Delegation of legislative powers by the legislature is clearly against the principle of separation of powers. However, it is justified on practical grounds. The lack of time and expertise in the legislature to provide laws necessary to solve a certain social or economic problem practically makes the legislature compelled to transfer some of its legislative powers to the administrative agencies. Delegation is also justified on the ground that it makes the administration effective and efficient. Agencies could not attain their purposes for which they are established unless other wise they have wider power, mainly rulemaking powers.
Agencies also share some of the judicial powers which traditionally belong to the ordinary courts. They can decide matters affecting individual rights and freedoms. Reversing a license, imposing administrative penalty, with holding benefits (e.g. pension), etc. all could properly be called as judicial functions. Most of the judicial functions of the agencies are usually exercised through organs within or outside that agency, which enjoy, relatively, little independence. These agencies are the administrative courts. Administrative courts give decision after hearing the argument of parties by applying the law to the facts. Such function normally belongs only to courts. Giving judicial power to agencies clearly violates the principle of the separation of powers. Still the justifications are practical necessities, which are more or less similar to that of the above justification with regard to granting legislative functions. Some matters, by nature, are technical and require detail expertise. This expertise is found in the specific administrative agencies, not the courts. Moreover, the trial process in the courts is lengthy, costly and rigid due to the complex procedural rules of the litigation. By comparison, a certain matter may be easily decided by an agency or an administrative court with the least cost to the parties and even to the decision-making process. Once again, practical necessities have prevailed over the principle of separation of powers.
We have seen how administrative law could be considered as a violation of separation of powers. This fact, even though, accepted due to practical necessities, serves as a limitation on the scope of the administrative law. Granting legislative and judicial powers to agencies is an exception, or it may be said a ‘necessary evil’. This leads to the conclusion that such powers should be given and exercised narrowly i.e. only when it becomes a compulsive necessity to do so. Agencies should not be delegated on areas primary left to the legislature. Essential legislative functions should not be delegated to agencies. Delegation of legislative powers should be limited only to the technical or detailed matters necessary to fill the gap in the law issued by the legislature. In this way, the principle serves to check the legislature not to delegate wider powers.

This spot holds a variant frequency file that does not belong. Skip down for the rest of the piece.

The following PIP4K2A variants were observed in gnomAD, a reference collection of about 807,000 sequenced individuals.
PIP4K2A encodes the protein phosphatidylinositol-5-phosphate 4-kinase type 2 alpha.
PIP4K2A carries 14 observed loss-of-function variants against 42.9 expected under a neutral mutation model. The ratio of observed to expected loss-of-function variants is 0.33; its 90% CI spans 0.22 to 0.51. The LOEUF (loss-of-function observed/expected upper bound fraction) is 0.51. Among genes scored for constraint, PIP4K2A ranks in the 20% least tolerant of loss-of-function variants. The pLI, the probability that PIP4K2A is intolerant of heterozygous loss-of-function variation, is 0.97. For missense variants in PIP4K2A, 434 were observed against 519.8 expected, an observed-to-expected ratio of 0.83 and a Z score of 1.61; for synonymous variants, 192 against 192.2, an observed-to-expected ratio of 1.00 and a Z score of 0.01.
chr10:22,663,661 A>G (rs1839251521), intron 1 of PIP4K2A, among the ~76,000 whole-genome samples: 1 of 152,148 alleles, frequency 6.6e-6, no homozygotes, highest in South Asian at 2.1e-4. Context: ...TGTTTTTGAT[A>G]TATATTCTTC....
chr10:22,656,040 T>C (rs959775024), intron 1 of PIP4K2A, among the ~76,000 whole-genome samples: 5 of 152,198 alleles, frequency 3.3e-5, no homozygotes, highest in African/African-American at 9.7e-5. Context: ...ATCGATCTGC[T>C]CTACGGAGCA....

In a similar fashion, ordinary judicial powers should not be given to administrative agencies or administrative courts. It should be limited only to matters which are technical by nature and require expertise of the administration. Generally, the principle of separation of powers imposes limitation on the extent of legislative and judicial power of agencies.
In addition to this, the principle mainly serves as a limitation on the scope of administrative law, by making courts not to question the substance of administrative action, but only its legality. As far as a decision is taken by an agency, which is within its confines of power, courts should refrain themselves from reviewing that decision. Administrative action that is not beyond the limits of powers conferred on the decision maker is not the proper sphere for courts to intervene. If they intervene, it will be a violation of the principle of separation of powers since they are, in effect, encroaching the power of the executive.